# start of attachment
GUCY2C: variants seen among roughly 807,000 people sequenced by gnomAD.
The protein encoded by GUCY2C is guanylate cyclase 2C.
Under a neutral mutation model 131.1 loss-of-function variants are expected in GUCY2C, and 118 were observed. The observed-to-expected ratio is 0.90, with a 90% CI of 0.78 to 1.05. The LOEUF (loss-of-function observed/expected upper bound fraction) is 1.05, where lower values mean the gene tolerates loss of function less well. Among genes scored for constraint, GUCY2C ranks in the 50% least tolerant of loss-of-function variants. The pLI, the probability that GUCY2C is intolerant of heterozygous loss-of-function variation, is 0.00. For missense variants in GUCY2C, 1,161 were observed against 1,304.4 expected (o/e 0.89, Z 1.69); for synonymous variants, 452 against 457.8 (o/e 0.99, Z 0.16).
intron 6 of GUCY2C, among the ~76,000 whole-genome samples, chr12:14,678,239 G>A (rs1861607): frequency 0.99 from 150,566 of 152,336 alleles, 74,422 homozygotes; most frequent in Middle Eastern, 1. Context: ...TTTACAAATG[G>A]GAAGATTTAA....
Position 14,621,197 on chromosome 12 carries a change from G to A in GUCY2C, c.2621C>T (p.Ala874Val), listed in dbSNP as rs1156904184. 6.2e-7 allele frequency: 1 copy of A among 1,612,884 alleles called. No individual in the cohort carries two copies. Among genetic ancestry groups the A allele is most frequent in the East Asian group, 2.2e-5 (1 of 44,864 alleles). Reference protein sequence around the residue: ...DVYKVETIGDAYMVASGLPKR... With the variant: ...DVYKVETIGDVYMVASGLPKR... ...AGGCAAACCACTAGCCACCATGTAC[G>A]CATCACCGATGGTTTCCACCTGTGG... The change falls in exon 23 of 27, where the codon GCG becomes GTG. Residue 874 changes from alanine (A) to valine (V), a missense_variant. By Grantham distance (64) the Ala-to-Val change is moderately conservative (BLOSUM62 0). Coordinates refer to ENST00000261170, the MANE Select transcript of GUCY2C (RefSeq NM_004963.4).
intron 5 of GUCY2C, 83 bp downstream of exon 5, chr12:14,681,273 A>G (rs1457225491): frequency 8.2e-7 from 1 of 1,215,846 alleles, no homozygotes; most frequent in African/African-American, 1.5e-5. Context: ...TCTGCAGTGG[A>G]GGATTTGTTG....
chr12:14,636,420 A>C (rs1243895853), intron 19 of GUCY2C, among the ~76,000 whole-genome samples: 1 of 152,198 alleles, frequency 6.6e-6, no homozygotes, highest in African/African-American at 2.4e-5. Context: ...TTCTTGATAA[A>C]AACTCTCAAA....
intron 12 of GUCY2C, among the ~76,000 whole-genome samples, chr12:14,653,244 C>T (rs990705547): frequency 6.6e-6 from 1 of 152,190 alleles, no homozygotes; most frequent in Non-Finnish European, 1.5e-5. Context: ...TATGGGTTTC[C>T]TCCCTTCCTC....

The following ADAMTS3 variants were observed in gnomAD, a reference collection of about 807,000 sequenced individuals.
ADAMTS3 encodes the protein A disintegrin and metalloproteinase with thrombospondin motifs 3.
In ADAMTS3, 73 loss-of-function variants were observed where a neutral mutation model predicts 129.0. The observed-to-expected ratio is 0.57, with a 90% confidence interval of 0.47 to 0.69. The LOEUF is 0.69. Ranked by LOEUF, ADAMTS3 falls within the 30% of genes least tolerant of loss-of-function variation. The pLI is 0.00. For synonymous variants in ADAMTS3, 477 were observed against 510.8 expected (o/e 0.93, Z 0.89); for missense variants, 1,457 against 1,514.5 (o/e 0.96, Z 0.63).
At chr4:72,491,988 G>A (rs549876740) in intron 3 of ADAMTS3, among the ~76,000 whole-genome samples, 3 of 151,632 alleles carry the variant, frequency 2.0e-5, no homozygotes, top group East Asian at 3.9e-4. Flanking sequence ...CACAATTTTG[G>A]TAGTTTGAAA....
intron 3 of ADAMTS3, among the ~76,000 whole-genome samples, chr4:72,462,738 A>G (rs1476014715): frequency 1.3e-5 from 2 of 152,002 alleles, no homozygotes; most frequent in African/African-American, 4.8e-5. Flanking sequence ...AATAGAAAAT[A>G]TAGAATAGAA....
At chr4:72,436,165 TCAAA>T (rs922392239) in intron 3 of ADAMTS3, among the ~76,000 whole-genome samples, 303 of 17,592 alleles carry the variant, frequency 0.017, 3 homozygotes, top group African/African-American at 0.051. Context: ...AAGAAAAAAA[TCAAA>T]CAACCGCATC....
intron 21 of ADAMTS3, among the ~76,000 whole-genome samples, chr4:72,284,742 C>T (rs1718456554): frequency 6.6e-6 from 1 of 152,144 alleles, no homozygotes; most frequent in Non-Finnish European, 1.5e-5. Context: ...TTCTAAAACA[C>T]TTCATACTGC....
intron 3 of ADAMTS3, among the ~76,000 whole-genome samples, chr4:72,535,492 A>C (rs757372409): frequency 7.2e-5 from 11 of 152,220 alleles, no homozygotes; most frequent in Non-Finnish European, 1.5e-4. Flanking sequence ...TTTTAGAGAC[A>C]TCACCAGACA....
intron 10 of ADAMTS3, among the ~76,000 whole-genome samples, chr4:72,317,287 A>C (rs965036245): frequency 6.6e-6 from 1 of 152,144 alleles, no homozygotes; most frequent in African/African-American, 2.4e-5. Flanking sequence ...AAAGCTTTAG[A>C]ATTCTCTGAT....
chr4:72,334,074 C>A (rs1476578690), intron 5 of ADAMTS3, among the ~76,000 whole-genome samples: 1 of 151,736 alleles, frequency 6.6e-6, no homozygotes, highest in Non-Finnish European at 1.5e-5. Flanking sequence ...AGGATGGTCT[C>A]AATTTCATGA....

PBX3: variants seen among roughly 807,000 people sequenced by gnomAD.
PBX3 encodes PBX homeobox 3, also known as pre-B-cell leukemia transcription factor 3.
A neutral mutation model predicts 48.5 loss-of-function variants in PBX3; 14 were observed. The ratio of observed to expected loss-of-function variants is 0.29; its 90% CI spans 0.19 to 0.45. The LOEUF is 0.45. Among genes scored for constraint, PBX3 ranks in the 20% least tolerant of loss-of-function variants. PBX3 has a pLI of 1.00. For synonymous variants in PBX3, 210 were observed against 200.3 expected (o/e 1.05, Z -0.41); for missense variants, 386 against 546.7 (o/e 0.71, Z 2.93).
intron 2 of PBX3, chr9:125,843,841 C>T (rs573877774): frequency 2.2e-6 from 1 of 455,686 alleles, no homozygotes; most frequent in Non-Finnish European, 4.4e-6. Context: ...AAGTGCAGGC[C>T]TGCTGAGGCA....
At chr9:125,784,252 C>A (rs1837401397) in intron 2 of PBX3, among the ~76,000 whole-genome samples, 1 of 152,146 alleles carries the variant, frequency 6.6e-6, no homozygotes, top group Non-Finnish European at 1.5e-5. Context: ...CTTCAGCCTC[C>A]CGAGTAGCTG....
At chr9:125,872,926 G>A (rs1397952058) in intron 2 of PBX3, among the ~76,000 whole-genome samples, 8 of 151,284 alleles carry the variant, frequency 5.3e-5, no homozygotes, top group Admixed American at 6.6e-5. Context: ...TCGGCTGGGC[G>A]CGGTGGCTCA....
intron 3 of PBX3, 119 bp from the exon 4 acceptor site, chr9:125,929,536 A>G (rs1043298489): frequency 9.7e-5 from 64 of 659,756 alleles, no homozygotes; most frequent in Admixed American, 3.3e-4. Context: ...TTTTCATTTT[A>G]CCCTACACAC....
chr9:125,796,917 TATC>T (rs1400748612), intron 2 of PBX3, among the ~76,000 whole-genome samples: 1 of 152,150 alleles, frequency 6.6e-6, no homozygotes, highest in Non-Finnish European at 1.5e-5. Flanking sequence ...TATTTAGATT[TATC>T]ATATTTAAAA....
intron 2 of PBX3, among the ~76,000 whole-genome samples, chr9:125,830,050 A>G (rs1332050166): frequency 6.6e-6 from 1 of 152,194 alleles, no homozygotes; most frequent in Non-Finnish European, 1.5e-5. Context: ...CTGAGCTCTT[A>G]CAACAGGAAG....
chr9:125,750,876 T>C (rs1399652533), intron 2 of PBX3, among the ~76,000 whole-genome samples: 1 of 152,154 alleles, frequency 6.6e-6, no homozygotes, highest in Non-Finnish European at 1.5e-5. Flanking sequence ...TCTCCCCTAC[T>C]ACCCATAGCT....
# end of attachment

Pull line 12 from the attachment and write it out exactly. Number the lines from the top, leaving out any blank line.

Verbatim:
At chr4:72,491,988 G>A (rs549876740) in intron 3 of ADAMTS3, among the ~76,000 whole-genome samples, 3 of 151,632 alleles carry the variant, frequency 2.0e-5, no homozygotes, top group East Asian at 3.9e-4. Flanking sequence ...CACAATTTTG[G>A]TAGTTTGAAA....